Saturday, March 23, 2013

Me, the OSR, Kickstarter, Dwimmermount, and Me

I'm feeling rather at loose ends now that the saga of Dwimmermount seems to be coming to a close. Whatever merit the actual product has will be overshadowed by the drama that ensues when a prominent RPG designer/blogpope goes dark for months and keeps mum while his fans wait for him to make good on a massive Kickstarter project. I feel sympathy for the guy and I'm mystified because he's been a consummate pro in my limited dealings with him. I actually owe him my professional so-called career in RPGs. If he hadn't put a good word in for me at Atlas Games in 2003, then Northern Crown might never have happened. I gotta laugh at the way he's been demonized on the blogs as some kind of Ponzi scheme mastermind. Whatever happened, I'm guessing it was unforeseen, although how he dealt with the resulting mess didn't help his rep. Glad to see that a resolution of sorts is in the cards and I hope he gets back on his horse soon.

If he ever returns to his blog, he's going to find a changed landscape out here. As a driver of big-scale published works, the OSR is done now. Its output has evolved from ballsy is-this-even-legal appropriations of 1st Edition to easy pastiches of the least valuable artifacts of the early days, like rambling megadungeons and superficial re-skinnings of 1e that try to approximate other genres like sf. I think we'll see more OSR blogs go quiet in the coming months. It won't mean that people are turning away from playing older editions of D&D (or clones of same), but that it's not novel or remarkable enough any more to elicit much excitement or debate. Nothing's more toxic to a revolutionary movement than winning.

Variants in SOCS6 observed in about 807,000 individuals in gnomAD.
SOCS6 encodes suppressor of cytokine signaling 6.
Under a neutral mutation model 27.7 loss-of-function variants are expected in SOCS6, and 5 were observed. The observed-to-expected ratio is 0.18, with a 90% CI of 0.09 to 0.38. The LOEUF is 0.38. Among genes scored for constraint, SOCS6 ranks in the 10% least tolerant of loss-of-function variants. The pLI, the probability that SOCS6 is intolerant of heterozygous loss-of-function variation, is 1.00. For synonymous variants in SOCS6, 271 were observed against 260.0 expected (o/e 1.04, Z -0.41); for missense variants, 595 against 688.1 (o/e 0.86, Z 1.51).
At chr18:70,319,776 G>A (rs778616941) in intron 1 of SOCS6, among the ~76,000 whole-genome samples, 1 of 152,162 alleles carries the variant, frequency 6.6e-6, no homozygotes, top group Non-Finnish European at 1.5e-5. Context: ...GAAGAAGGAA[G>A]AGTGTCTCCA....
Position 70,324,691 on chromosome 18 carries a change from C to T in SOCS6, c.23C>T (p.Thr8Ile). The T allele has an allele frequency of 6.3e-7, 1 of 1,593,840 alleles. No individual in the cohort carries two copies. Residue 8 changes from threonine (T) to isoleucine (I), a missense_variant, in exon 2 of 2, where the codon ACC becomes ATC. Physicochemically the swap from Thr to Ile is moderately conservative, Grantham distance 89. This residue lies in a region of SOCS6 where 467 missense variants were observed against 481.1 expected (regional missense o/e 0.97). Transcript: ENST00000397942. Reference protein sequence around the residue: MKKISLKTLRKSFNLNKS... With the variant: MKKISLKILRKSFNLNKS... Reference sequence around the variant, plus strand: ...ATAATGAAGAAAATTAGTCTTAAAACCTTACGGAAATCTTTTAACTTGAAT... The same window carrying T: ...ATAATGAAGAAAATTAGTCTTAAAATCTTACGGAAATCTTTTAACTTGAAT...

If I've learned anything from watching the Dwimmermount saga unfold, it's that if I will never do a Kickstarter unless it's truly the only way to get my work into a form that lots of other people can enjoy for a reasonable price. I don't need my game obsession reduced to a dreary obligation -- it's why everything on this blog is free.


9 comments:

  1. Hi Doug, I too have respect for James, and followed his blog long before I noticed anybody else's. You have an succinct way of putting things, which I appreciate. I'm not sure the OSR is done completely. It's certainly a different landscape. It seemed to me that as soon as WotC released all those PDFs as a marketing move to capture the interest from OSR folk, that many of them jumped back on board. But a renaissance is just that, and it doesn't last forever. Myself, I will always appreciate homemade things--more personal anyway: either my own stuff or other people's. I just downloaded your incredible maps and adventure. Thanks for sharing them. If you produce enough material over time, you could do what Dyson Logos has done and make them into a POD book on Lulu.

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  2. I'll try not to take the characterization of "rambling megadungeons" as the "least valuable artifacts of the early days" personally, especially since mine is due to be published within 5 months. :-)

    And, for the record, there *were* no true megadungeons published in the early days. Even the vaunted classics like Tegel Manor and Dark Tower don't come close. (See http://greyhawkgrognard.blogspot.com/2008/05/glaring-irony.html).